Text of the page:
Frankly, I’m surprised not as many people defend this game (and its increasingly mad sequels) with the argument that globalization and international co-operation in any form doesn’t see the light of day much in gaming. It is a miracle that any game managed to address the issue, but a game released in 2003 tackling it head-on? Damn near revolutionary, if you ask me.
All that global good will, however, is not the game’s only appeal – not by a long shot.
2003 was an interesting year for gaming, in that it contained many sequels and fondly-remembered classics but only incrementally advanced the industry. Call of Duty, in particular, stands out both as a notable advancement in shooters and a firmly rooted classic shooter in its own right.
It advanced what we know and what we expect about first-person shooters not by being the first game to introduce set-piece moments, but the first game to do them extraordinarily well. Set-pieces being scenes of intense action that are typically found in blockbuster films, there had to have been doubt about whether or not Infinity Ward – a very fresh-faced and “green” developer – could translate such cinematic intensity to the language of gaming.
And yet as we look back, that is exactly what Infinity Ward managed to do: translate the sensibilities of an old-school action-packed war epic into the rules and restrictions of the first-person shooter genre. Within the game’s 25 missions (8 for the Americans, 7 for the British, 10 for the Soviets), the developers managed to included tank battles, multiple car chases, a segment in which the player fires a flak cannon solo, an entire level that felt reminiscent of GoldenEye’s opening sequence, an chaotic uphill battle on the shores of Stalingrad, and (from what I gather) the siege of Red Square as visualized by Enemy at the Gates.
Which is to say nothing of the ordinary gameplay, where the other great thing about Infinity Ward’s gamble shines. Shooter design in the modern age means a two-gun limit, a single-minded approach to level design not unlike a funnel, the clear “implication” that hiding behind cover and firing off potshots is the only way to have fun, and the overwhelming difficulty presented by trigger-happy cover-abusing enemies.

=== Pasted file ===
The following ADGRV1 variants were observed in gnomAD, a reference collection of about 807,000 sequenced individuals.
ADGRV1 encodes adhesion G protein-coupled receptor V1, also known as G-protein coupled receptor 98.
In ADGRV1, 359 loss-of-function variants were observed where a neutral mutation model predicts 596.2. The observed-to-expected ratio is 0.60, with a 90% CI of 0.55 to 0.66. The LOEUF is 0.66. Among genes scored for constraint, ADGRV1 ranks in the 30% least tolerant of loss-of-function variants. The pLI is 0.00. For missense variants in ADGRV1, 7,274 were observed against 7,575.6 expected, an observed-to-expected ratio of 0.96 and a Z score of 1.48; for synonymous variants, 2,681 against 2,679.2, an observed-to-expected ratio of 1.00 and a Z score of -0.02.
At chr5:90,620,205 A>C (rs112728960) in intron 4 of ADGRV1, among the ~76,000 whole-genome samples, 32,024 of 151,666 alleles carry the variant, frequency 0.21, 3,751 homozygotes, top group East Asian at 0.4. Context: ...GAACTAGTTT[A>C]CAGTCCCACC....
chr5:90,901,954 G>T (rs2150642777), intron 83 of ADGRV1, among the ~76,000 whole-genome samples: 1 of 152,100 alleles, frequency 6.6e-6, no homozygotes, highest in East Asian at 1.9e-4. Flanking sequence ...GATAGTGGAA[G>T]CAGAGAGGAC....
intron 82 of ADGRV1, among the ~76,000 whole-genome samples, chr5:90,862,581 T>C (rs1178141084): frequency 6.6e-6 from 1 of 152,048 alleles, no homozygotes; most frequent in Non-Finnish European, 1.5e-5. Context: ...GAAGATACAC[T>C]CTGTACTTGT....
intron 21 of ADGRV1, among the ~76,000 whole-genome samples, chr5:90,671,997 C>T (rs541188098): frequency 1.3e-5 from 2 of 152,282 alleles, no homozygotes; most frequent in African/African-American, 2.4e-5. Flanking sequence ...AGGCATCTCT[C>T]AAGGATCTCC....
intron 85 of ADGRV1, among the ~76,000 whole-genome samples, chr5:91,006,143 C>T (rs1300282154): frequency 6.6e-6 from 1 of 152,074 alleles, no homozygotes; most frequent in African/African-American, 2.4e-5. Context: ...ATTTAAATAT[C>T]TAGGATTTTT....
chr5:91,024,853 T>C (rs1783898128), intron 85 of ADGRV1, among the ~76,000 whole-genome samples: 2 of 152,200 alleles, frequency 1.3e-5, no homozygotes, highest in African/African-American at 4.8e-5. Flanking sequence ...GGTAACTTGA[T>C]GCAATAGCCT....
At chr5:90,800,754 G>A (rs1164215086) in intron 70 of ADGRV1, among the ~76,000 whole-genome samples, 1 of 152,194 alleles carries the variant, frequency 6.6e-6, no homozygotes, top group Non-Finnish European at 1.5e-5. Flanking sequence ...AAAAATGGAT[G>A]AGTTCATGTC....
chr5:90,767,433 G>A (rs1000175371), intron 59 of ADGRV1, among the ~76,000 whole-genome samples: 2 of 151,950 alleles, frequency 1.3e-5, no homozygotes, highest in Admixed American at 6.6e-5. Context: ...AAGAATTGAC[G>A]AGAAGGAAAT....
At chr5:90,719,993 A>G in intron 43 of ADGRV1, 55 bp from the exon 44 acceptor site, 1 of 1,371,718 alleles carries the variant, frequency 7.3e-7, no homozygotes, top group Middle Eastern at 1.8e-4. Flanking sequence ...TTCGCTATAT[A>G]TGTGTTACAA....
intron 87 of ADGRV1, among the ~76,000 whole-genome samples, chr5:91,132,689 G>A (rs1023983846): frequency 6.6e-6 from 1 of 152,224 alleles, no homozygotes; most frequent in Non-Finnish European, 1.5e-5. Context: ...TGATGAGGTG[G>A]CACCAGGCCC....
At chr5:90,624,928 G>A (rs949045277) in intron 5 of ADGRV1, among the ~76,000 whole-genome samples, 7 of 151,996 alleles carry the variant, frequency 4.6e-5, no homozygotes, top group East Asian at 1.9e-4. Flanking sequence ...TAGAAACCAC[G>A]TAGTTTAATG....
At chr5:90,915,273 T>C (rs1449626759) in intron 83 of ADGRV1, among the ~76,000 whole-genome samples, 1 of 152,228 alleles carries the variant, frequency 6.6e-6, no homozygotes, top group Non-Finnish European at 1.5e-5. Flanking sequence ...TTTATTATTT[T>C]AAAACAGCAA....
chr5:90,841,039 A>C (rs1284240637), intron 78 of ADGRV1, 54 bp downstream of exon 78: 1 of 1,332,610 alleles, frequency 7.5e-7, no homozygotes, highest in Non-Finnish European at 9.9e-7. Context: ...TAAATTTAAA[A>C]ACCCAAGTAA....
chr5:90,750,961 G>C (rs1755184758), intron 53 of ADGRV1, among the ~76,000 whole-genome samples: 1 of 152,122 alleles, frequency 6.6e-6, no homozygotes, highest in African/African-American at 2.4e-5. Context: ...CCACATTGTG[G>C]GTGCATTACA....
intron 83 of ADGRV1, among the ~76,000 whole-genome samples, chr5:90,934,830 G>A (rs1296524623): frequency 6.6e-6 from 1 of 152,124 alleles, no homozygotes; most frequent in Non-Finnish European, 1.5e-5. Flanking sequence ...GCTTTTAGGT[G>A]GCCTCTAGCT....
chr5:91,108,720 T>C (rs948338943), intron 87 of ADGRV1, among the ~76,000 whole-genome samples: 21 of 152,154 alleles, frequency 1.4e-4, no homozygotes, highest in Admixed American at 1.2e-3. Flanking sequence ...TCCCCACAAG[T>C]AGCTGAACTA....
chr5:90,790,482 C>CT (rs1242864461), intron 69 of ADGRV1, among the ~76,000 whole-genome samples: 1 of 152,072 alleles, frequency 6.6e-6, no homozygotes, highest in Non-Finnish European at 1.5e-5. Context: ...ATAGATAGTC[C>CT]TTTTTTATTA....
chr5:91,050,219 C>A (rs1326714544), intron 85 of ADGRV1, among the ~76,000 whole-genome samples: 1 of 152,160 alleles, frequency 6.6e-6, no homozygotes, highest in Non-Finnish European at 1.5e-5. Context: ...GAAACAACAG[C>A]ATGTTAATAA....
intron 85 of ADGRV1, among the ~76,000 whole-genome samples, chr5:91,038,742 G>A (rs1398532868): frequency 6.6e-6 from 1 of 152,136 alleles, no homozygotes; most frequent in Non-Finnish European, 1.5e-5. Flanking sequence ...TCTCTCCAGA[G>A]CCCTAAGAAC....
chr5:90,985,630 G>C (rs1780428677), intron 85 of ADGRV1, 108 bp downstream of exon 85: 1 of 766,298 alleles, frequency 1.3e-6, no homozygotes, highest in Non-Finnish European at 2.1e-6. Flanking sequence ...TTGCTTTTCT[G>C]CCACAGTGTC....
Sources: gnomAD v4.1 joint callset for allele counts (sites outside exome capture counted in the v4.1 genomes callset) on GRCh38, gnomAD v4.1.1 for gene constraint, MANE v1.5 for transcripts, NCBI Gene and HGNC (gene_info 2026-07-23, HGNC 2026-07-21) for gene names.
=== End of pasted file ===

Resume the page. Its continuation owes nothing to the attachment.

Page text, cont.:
Shooter design in the original Call of Duty, meanwhile, is a lot looser about the rules of combat conduct. The two-gun limit still exists, but a pistol is automatically included on your person as a “sidearm”, thereby eliminating the debate between having a backup weapon and having the far more useful standard weapon. Levels are less a funnel and more of a wide map with specific objective markers, thereby allowing for more variation in how you get from Point A to Point B. You can, in fact, run into a room or field guns-ablazing and survive (though the presence of the lean button does suggest a more tactical approach). Enemies still enjoy their cover, but they will pop out or charge depending on the situation.
It’s very much the time in which Call of Duty was released that determines much of its success. We had not yet seen the bullet hellstorms of more modern shooters, the oversaturation of the market with pro-American recruitment vehicles and anti-Middle East propaganda. It was a simpler time, when the only war people were really concerned with was the one that everyone agrees needed to be fought – be it for honour, or the economy, or for the preservation of millions of lives.
Now with all that said, it is by no means perfect. Being an artifact of a more simple time, it gets points for not descending into the madness of current politics – but the tradeoff here is that the complexity of its themes is practically non-existent. To put it into more relatable terms, the game doesn’t really fail in any manner. It just lacks something deeper, something that appeals beyond surface level.
For instance, the idea of focusing on the more notable forces of the Allies is nice. The idea of focusing solely on their victories and the hind end of World War II, however? Not as effective as, say, using the guise of a first-person shooter to explore the failings of the Allied armies and compare them to the very enemy they fight tooth and nail. Granted it was 2003 and such a high concept wouldn’t see daylight until Spec Ops: The Line shattered our reality, but courting the idea would have been an incredible shakeup of the traditional war epic.
Speaking of shakeups, I also wish the game’s visual palate had the bravado to pull one off. This is not a condemnation of the Quake III engine as used here; everything may not have aged very well, but it runs at a smooth rate and captures your interest most of the time. It is also not my way of disliking an older game’s look just because of its age. It’s just that when you’ve played one colour-drained shooter, you’ve played them all. The European setting, complete with authentic stone architecture and rustic forests, may have a lot to do with this but some creativity in this regard would have been nice.
Setting aside the complaints, there is enough to praise that I can safely answer my earlier question. Yes, Call of Duty still matters and it needs to be experienced to truly understand what has been gained – and lost – with modern gaming. What began as a simple deviation from Medal of Honor has become something almost damnable today, but the original’s good intentions and solid design are what protect it from passing into obscurity or being lumped in with its offspring.
Well done, Infinity Ward. You truly proved that no one fights alone.